Here in the city, the inner city, and all its featured delights.
Green space and birdsong, quality turn-ups and sideburns, a stained mattress next to a three-wheeled pram.
Bakeries and takeaways, friends and brothers all in easy walking distance too.
Great bunch of lads.
Pork chop square slice.
Every shade of black.
In the city, the city of Govanhill, that’s where we are, where we’ve never voted Tory, we didnae vote leave, we don’t play rugby and we dinna even ken where Edinburgh is, okay?
Roman and Celtic, Hibernia and Caledonia, city feed with whisky bars, music in our feet, taste of continents in our food.
Yoga mats and hats from Vietnam and shoes from Sudan and graffiti on the wall that says we’re magic, we’re magic, graffiti on the wall.
Hot chocolate city, hot coffee, sitting on the stoop city, smelling the smoke, the weed, the cigarette blush and puff.
City evening rubbish and flowers in the pavement pushing through concrete ground.
The city is our family, although sometimes invisible in an empty city, an invisible city with buildings too high or windows locked in hidden tenements.
Late night tears, early morning wailing, never forgotten, always remembered, doomed to repeat again and again.
Every type of home in this city.
Early century urban slums, pre-war landlord slums, municipal disasters, free market buy to let and left to rot.
Or brutalist social housing masterpieces, empty space and spray paint wilderness.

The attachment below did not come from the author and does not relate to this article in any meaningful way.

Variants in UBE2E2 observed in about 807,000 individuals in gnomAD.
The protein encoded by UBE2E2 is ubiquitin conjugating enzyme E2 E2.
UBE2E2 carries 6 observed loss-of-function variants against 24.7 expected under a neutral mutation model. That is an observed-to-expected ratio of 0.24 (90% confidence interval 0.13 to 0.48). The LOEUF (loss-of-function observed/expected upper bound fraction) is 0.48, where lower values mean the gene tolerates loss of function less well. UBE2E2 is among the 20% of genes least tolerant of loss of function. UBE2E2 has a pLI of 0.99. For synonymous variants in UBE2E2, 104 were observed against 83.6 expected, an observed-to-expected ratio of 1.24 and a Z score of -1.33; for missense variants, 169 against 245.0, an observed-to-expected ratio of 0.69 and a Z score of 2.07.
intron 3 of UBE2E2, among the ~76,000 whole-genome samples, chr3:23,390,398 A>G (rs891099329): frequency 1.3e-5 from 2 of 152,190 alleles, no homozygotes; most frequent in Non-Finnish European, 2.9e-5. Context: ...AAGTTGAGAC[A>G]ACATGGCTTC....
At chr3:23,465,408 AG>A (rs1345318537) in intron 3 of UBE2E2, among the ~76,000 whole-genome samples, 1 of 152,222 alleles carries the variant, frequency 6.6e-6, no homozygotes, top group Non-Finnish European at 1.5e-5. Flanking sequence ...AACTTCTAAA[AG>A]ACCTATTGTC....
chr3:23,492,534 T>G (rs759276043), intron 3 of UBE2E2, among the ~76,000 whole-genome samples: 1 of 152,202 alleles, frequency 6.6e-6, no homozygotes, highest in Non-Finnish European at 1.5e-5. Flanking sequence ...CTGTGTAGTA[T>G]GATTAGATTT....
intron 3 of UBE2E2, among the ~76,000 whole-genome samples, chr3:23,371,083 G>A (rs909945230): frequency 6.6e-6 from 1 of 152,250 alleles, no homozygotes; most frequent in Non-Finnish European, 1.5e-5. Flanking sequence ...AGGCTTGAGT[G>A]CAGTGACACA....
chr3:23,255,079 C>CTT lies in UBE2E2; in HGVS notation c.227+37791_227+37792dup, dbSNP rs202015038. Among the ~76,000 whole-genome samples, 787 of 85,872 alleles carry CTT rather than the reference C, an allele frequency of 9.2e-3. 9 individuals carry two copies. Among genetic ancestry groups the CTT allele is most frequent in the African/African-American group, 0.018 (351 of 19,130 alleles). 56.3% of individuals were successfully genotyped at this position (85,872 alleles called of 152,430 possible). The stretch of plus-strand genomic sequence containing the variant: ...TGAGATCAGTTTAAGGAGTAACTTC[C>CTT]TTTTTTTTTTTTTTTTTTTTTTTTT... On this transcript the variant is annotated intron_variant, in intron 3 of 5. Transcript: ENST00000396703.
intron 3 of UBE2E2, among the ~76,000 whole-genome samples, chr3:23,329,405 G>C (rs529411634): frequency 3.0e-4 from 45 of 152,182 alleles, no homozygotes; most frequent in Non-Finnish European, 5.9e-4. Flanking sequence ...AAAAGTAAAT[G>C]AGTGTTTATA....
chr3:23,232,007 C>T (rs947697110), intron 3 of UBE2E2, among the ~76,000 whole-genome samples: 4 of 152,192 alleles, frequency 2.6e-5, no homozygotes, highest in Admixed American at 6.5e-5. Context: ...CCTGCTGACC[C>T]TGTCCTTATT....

Some backcourts are like a garden suburb, others like a medieval dump.
Some have hopeful pot plants, stained glass, perhaps a polite little pushbike chained up.
Others have timeless, placeless terror. No names on doors, haunted letterbox, holes punched in brickwork.
It will all end there, you know it will, in the dead of night, in a dark stairwell with no one to hear you scream.
That’s our city, the constant city.
Student flats or your cousin lives here or a drug dealer does or a family who fled war-torn Debenhams in a small boat.
Because we’re all immigrants here, it doesn’t matter what we wear, or the spices in our hair. In the rain we don’t get wet, or if we do, we don’t care, we ignore.
Straining in the silence, heads wrapped up against the hot and the cold, bare shoulders and tartan trews.
Flesh-coloured fools, a double-headed dragon breathing fire, all the big boots and greasy dust you require or desire.
Sorry, what were we talking about again?
Aye, non-binary fanny magnets, that’s it.